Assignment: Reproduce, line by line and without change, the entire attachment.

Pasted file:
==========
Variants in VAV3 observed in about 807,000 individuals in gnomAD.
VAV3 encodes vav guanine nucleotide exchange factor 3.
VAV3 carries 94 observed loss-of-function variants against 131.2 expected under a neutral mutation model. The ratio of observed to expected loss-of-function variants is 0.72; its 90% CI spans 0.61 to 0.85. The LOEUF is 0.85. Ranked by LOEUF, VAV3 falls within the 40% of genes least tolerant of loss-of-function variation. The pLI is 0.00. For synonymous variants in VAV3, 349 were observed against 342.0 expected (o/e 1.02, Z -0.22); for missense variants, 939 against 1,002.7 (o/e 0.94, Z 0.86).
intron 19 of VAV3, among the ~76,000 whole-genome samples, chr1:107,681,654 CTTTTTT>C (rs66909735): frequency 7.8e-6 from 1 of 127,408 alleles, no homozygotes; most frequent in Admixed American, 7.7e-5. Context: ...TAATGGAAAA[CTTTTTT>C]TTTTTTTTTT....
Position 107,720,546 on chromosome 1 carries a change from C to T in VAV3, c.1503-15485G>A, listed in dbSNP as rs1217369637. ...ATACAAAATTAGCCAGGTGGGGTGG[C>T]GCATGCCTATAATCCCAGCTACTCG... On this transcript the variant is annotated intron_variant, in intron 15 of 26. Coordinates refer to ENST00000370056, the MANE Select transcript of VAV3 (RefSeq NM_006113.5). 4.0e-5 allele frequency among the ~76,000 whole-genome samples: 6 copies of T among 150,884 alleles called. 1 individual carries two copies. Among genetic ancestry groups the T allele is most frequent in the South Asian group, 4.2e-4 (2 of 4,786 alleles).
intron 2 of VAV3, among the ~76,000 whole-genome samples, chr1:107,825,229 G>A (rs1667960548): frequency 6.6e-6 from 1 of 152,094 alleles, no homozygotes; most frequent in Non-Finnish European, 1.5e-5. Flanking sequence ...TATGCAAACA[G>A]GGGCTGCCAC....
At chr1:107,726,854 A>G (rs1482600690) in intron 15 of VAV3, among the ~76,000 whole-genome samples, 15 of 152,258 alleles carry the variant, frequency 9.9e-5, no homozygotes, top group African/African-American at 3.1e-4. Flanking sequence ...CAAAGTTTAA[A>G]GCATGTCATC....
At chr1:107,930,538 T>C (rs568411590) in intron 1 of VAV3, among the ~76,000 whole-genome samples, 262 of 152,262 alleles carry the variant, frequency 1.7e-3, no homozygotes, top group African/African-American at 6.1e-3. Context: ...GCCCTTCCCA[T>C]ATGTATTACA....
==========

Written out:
Variants in VAV3 observed in about 807,000 individuals in gnomAD.
VAV3 encodes vav guanine nucleotide exchange factor 3.
VAV3 carries 94 observed loss-of-function variants against 131.2 expected under a neutral mutation model. The ratio of observed to expected loss-of-function variants is 0.72; its 90% CI spans 0.61 to 0.85. The LOEUF is 0.85. Ranked by LOEUF, VAV3 falls within the 40% of genes least tolerant of loss-of-function variation. The pLI is 0.00. For synonymous variants in VAV3, 349 were observed against 342.0 expected (o/e 1.02, Z -0.22); for missense variants, 939 against 1,002.7 (o/e 0.94, Z 0.86).
intron 19 of VAV3, among the ~76,000 whole-genome samples, chr1:107,681,654 CTTTTTT>C (rs66909735): frequency 7.8e-6 from 1 of 127,408 alleles, no homozygotes; most frequent in Admixed American, 7.7e-5. Context: ...TAATGGAAAA[CTTTTTT>C]TTTTTTTTTT....
Position 107,720,546 on chromosome 1 carries a change from C to T in VAV3, c.1503-15485G>A, listed in dbSNP as rs1217369637. ...ATACAAAATTAGCCAGGTGGGGTGG[C>T]GCATGCCTATAATCCCAGCTACTCG... On this transcript the variant is annotated intron_variant, in intron 15 of 26. Coordinates refer to ENST00000370056, the MANE Select transcript of VAV3 (RefSeq NM_006113.5). 4.0e-5 allele frequency among the ~76,000 whole-genome samples: 6 copies of T among 150,884 alleles called. 1 individual carries two copies. Among genetic ancestry groups the T allele is most frequent in the South Asian group, 4.2e-4 (2 of 4,786 alleles).
intron 2 of VAV3, among the ~76,000 whole-genome samples, chr1:107,825,229 G>A (rs1667960548): frequency 6.6e-6 from 1 of 152,094 alleles, no homozygotes; most frequent in Non-Finnish European, 1.5e-5. Flanking sequence ...TATGCAAACA[G>A]GGGCTGCCAC....
At chr1:107,726,854 A>G (rs1482600690) in intron 15 of VAV3, among the ~76,000 whole-genome samples, 15 of 152,258 alleles carry the variant, frequency 9.9e-5, no homozygotes, top group African/African-American at 3.1e-4. Flanking sequence ...CAAAGTTTAA[A>G]GCATGTCATC....
At chr1:107,930,538 T>C (rs568411590) in intron 1 of VAV3, among the ~76,000 whole-genome samples, 262 of 152,262 alleles carry the variant, frequency 1.7e-3, no homozygotes, top group African/African-American at 6.1e-3. Context: ...GCCCTTCCCA[T>C]ATGTATTACA....